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Local News

Whitmer signs $4.8B infrastructure deal, highlights parks funding

Credit: iStock

by Laina G. Stebbins, Michigan Advance
March 30, 2022

Following the GOP-led Legislature’s adoption last week of a massive, nearly $5 billion supplemental infrastructure plan, Gov. Gretchen Whitmer sealed the deal Wednesday by signing the two-bill package in downtown Grand Rapids.

The “Building Michigan Together Plan,” composed of Senate Bill 565 and House Bill 5525, puts forward some of the largest infrastructure investments in Michigan history, per Whitmer’s office.

“With this plan, we’re building on our work to improve our roads, water, and high-speed internet,” Whitmer said Wednesday. “I’m particularly proud of the fact that this plan makes the single largest investment in Michigan history in our state and local parks, empowering hundreds of local economies.

“I am grateful to our congressional delegation for sending us these resources and proud that the Michigan Legislature and I were able to come together to get this done and ensure our infrastructure is reliable for generations to come,” she added.

SB 565 largely uses leftover state and federal COVID-19 funds to invest $2.5 billion statewide, with more than half of those dollars going toward water infrastructure initiatives. Highlights of the main bill include:

  • $1.3 billion for sewer and water infrastructure needs
  • $646 million in Michigan’s infrastructure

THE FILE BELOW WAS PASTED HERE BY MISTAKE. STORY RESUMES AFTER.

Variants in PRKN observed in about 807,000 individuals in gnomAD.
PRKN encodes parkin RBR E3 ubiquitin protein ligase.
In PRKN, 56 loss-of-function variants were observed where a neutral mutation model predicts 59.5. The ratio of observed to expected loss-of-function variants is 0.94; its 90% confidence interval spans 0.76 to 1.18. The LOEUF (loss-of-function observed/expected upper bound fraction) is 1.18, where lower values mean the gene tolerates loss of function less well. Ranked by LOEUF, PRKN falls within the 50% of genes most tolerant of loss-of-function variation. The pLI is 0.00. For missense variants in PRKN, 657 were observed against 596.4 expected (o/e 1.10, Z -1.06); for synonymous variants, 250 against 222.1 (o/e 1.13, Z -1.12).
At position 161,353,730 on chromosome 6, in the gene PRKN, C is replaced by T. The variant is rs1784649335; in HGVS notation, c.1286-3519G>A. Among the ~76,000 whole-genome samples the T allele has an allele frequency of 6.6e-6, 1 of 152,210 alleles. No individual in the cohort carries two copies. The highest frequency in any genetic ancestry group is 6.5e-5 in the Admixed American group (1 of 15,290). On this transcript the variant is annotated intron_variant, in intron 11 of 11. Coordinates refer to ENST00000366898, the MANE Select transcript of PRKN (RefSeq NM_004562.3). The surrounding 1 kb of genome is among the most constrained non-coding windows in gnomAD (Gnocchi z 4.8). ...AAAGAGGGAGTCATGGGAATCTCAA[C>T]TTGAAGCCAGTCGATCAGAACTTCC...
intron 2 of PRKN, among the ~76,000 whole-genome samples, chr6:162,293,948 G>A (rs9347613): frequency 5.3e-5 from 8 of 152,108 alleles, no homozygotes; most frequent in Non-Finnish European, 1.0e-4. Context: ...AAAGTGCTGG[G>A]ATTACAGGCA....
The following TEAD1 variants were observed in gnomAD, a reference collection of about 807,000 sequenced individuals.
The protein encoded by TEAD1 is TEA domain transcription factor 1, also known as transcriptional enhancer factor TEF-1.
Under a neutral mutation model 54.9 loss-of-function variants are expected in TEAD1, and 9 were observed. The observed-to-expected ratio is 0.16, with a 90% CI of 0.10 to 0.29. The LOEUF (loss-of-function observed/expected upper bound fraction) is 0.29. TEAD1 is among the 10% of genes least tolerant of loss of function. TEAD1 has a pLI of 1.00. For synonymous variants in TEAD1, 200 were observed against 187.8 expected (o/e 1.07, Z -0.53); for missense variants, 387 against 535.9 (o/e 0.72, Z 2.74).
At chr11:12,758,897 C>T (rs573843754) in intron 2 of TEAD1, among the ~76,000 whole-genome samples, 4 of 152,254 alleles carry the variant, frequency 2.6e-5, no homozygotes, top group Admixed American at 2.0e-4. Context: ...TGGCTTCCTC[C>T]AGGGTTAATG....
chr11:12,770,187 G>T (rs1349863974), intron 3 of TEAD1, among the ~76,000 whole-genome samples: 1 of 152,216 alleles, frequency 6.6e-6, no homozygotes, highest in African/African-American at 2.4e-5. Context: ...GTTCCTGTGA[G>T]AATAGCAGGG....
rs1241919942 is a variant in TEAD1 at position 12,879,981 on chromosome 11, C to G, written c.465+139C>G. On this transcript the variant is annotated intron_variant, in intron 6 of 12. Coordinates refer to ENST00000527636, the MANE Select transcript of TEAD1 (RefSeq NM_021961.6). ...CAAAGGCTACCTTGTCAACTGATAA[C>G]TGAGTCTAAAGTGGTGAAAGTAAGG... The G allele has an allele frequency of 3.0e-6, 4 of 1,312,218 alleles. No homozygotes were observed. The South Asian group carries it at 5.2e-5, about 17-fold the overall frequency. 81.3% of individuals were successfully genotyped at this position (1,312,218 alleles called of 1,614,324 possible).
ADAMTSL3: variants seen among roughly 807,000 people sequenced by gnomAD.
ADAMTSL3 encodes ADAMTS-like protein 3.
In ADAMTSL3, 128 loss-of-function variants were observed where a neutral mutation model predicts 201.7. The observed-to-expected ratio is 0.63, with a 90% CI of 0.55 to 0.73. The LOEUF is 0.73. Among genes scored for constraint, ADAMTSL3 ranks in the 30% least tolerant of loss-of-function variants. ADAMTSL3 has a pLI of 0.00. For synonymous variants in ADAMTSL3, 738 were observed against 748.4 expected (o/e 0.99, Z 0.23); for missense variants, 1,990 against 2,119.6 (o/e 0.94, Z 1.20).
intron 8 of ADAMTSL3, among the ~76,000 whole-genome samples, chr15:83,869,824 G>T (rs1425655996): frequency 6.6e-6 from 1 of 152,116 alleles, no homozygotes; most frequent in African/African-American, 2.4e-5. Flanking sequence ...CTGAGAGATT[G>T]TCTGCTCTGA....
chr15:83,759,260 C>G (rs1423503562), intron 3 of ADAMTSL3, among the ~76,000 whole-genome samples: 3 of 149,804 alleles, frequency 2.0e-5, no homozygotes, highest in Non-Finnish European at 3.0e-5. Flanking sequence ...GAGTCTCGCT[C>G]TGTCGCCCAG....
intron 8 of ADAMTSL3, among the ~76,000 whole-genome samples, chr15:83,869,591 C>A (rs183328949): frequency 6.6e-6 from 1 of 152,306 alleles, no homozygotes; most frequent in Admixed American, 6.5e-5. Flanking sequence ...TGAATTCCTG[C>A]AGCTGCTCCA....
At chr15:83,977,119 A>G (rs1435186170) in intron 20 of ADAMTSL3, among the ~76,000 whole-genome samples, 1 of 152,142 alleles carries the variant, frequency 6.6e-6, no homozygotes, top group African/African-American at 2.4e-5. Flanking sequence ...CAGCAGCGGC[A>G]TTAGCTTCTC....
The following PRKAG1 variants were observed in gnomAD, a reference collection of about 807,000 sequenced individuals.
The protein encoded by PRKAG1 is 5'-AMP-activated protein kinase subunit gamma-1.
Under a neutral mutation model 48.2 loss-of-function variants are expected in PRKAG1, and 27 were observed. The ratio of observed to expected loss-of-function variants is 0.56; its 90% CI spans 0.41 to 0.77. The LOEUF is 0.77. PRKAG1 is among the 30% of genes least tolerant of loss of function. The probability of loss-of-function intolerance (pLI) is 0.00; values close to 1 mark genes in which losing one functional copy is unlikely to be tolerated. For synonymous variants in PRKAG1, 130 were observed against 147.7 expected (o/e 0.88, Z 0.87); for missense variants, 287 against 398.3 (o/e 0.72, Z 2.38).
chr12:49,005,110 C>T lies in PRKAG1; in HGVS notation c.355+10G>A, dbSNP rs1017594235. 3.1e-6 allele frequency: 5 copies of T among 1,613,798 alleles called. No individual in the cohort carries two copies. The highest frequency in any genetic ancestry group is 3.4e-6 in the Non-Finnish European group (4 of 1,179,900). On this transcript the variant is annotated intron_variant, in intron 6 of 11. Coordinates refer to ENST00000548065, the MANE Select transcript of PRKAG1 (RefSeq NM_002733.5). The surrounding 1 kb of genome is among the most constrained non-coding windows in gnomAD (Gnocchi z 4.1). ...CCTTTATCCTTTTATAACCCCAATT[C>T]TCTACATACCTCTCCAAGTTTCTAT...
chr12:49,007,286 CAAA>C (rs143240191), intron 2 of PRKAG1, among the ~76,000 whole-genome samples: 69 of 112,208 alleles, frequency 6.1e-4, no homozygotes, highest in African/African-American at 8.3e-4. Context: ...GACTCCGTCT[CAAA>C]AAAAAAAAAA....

• $450 million in state and local parks
  • $250.6 million for broadband service infrastructure in underserved areas
  • $150 million for housing initiatives

At the bill signing in Grand Rapids, Whitmer emphasized that a chunk of the money will go toward projects like the city’s Grand River Greenway. The greenway will receive $55 million to further expand into Kent County and Grand Rapids.

“For years we have envisioned the expansion of our riverfront park system and linking all of our riverfront green spaces together with a recreational trail that also connects regionally. This substantial investment from the state will allow us to do just that,” Grand Rapids Mayor Rosalynn Bliss said Wednesday. “It will transform public spaces throughout our community, which will have far reaching social, recreational and economic benefits for generations to come.” 

Similar projects include Detroit’s Joe Louis Greenway, which will receive $60 million for development; and $20 million toward a variety of rural outdoor recreation projects in the Upper Peninsula, including a new ski jump at Copper Peak.

The second part of the supplemental package, HB 5525, would put $133 million toward strengthening Michigan’s Unemployment Insurance system and tackling fraud.

The plan also puts $46 million toward protecting funding for public safety and first responders in areas with population losses.

The bipartisan deal received praise Wednesday from U.S. Sens. Debbie Stabenow (D-Lansing) and Gary Peters (D-Bloomfield Twp.); U.S. Reps. Debbie Dingell (D-Dearborn), Dan Kildee (D-Flint), Andy Levin (D-Bloomfield Twp.), Rashida Tlaib (D-Detroit) and Brenda Lawrence (D-Southfield); and the Department of Natural Resources (DNR), among others on both sides of the aisle.

“This bipartisan plan will take once-in-a-generation federal funding from the Infrastructure Investment and Jobs Act and invest it in rebuilding our infrastructure, growing our economy, and creating good-paying jobs in Michigan’s 12th district and across our great state,” Dingell said.

“Michigan is setting an example to the nation that when we work together we can solve real problems hard working Americans face, and I look forward to seeing the results of this transformative investment.” 

Michigan Advance is part of States Newsroom, a network of news bureaus supported by grants and a coalition of donors as a 501c(3) public charity. Michigan Advance maintains editorial independence. Contact Editor Susan Demas for questions: info@michiganadvance.com. Follow Michigan Advance on Facebook and Twitter.

Laina G. Stebbins is a contributor for the Michigan Advance, where this story first appeared.